On August 14, 2014, Berkshire Hathaway's A Class shares, the highest priced shares on the NYSE, hit $200,000 a share for the first time. [31]

On July 8, 2015, technical issues affected the stock exchange, halting trading at 11:32 am ET. The NYSE reassured stock traders that the outage was "not a result of a cyber breach", and the Department of Homeland Security confirmed that there was "no sign of malicious activity". [32] Trading eventually resumed at 3:10 pm ET the same day.

On May 25, 2018, Stacey Cunningham, the NYSE's chief operating officer, became the Big Board's 67th president, succeeding Thomas Farley. [33] She is the first female leader in the exchange's 226-year history.

In March 2020, the NYSE announced plans to temporarily move to all-electronic trading on March 23, 2020, due to the COVID-19 pandemic in New York City. [34] The NYSE reopened on May 26, 2020. [35]

The main New York Stock Exchange Building, built in 1903, is at 18 Broad Street, between the corners of Wall Street and Exchange Place, and was designed in the Beaux Arts style by George B. Post. [36] The adjacent structure at 11 Wall Street, completed in 1922, was designed in a similar style by Trowbridge & Livingston. The buildings were both designated a National Historic Landmark in 1978. [37] [38] [39] 18 Broad Street is also a New York City designated landmark. [40]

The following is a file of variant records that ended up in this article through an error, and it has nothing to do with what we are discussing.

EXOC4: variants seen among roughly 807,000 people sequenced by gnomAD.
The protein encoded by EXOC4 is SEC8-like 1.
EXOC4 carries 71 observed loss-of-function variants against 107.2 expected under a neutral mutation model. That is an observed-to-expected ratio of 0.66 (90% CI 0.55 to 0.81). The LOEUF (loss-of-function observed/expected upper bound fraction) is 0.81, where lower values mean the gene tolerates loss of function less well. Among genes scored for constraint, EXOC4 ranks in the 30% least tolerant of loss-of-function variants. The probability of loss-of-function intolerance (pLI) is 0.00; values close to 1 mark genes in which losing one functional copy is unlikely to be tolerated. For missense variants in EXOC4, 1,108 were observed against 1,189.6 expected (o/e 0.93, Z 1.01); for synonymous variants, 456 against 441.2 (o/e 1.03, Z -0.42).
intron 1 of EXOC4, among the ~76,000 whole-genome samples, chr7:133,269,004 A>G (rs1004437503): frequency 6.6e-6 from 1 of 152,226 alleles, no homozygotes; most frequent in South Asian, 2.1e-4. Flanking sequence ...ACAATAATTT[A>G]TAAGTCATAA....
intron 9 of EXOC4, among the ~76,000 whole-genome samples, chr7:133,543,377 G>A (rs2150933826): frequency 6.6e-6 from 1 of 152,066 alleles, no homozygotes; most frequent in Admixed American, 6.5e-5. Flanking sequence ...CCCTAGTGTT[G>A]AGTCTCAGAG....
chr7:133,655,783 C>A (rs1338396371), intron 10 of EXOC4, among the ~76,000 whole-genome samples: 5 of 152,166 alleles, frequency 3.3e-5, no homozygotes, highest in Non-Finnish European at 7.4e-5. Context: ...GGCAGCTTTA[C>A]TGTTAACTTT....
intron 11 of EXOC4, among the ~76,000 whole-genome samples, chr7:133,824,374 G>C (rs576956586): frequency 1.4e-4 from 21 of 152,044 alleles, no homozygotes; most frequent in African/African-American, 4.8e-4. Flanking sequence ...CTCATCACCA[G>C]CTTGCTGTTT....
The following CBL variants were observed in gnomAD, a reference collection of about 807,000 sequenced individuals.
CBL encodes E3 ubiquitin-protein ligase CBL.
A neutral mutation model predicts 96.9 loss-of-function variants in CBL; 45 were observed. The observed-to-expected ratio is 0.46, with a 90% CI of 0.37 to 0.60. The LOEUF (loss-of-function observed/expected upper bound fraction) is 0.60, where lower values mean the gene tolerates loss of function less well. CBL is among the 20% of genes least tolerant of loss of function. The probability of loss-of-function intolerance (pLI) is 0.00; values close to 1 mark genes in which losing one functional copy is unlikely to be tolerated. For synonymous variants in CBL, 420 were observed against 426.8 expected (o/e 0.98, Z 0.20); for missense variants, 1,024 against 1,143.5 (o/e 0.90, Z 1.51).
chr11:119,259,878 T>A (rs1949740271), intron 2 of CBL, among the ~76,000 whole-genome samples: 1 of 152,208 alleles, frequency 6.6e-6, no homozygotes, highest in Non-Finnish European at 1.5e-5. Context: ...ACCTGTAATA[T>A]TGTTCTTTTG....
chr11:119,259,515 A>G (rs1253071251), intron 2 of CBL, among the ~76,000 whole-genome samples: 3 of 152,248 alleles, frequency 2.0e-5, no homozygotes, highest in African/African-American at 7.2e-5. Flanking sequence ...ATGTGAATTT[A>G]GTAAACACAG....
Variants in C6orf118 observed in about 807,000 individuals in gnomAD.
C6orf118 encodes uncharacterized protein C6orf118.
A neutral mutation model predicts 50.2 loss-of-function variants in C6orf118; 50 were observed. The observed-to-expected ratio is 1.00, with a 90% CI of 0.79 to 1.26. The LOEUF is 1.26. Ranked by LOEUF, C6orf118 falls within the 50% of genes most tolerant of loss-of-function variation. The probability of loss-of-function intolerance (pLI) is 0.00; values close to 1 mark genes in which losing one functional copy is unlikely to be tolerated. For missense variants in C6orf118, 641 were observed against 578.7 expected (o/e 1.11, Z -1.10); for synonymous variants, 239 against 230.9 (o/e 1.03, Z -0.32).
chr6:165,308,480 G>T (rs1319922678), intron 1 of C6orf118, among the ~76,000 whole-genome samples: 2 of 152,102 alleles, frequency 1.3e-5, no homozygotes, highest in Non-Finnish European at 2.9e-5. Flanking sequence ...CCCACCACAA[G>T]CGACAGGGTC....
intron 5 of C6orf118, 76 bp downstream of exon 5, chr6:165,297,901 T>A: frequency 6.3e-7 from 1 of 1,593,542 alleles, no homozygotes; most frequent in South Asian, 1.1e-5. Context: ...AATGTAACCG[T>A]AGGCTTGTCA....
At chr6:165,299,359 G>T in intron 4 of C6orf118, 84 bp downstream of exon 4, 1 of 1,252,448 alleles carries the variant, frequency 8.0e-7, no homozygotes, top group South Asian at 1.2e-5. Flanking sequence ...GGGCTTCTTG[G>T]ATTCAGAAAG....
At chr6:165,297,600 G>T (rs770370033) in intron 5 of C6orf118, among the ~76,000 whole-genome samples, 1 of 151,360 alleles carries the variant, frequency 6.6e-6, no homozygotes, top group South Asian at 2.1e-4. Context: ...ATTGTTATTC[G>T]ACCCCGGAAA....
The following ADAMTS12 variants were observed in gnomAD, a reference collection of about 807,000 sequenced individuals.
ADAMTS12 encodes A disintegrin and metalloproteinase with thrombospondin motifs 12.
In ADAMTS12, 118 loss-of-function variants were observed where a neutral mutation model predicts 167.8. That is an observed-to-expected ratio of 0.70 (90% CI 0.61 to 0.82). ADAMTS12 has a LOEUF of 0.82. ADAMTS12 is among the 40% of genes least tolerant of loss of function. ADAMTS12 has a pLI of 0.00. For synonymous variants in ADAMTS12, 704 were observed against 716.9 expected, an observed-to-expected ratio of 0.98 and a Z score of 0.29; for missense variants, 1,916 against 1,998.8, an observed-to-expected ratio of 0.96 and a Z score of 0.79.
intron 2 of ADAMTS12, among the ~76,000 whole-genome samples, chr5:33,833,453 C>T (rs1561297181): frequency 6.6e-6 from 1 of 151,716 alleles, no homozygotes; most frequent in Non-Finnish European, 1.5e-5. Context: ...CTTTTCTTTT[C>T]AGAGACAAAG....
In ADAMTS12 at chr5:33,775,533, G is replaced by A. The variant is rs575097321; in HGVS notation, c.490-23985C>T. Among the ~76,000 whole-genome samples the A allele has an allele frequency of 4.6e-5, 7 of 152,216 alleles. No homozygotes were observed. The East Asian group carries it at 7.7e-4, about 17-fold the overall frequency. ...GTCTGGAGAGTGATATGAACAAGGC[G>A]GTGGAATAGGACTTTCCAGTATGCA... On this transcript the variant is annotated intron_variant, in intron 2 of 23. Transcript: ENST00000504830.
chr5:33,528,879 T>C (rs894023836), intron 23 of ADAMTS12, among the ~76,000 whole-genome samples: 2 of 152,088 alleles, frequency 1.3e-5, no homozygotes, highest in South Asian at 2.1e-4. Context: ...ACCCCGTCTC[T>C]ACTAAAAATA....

The New York Stock Exchange is closed on New Year's Day, Martin Luther King, Jr. Day, Washington's Birthday, Good Friday, Memorial Day, Independence Day, Labor Day, Thanksgiving, and Christmas. When those holidays occur on a weekend, the holiday is observed on the closest weekday. In addition, the Stock Exchange closes early on the day before Independence Day, the day after Thanksgiving, and Christmas Eve. [41] The NYSE averages about 253 trading days per year.

The New York Stock Exchange (sometimes referred to as "The Big Board") provides a means for buyers and sellers to trade shares of stock in companies registered for public trading. The NYSE is open for trading Monday through Friday from 9:30 am – 4:00 pm ET, with the exception of holidays declared by the Exchange in advance.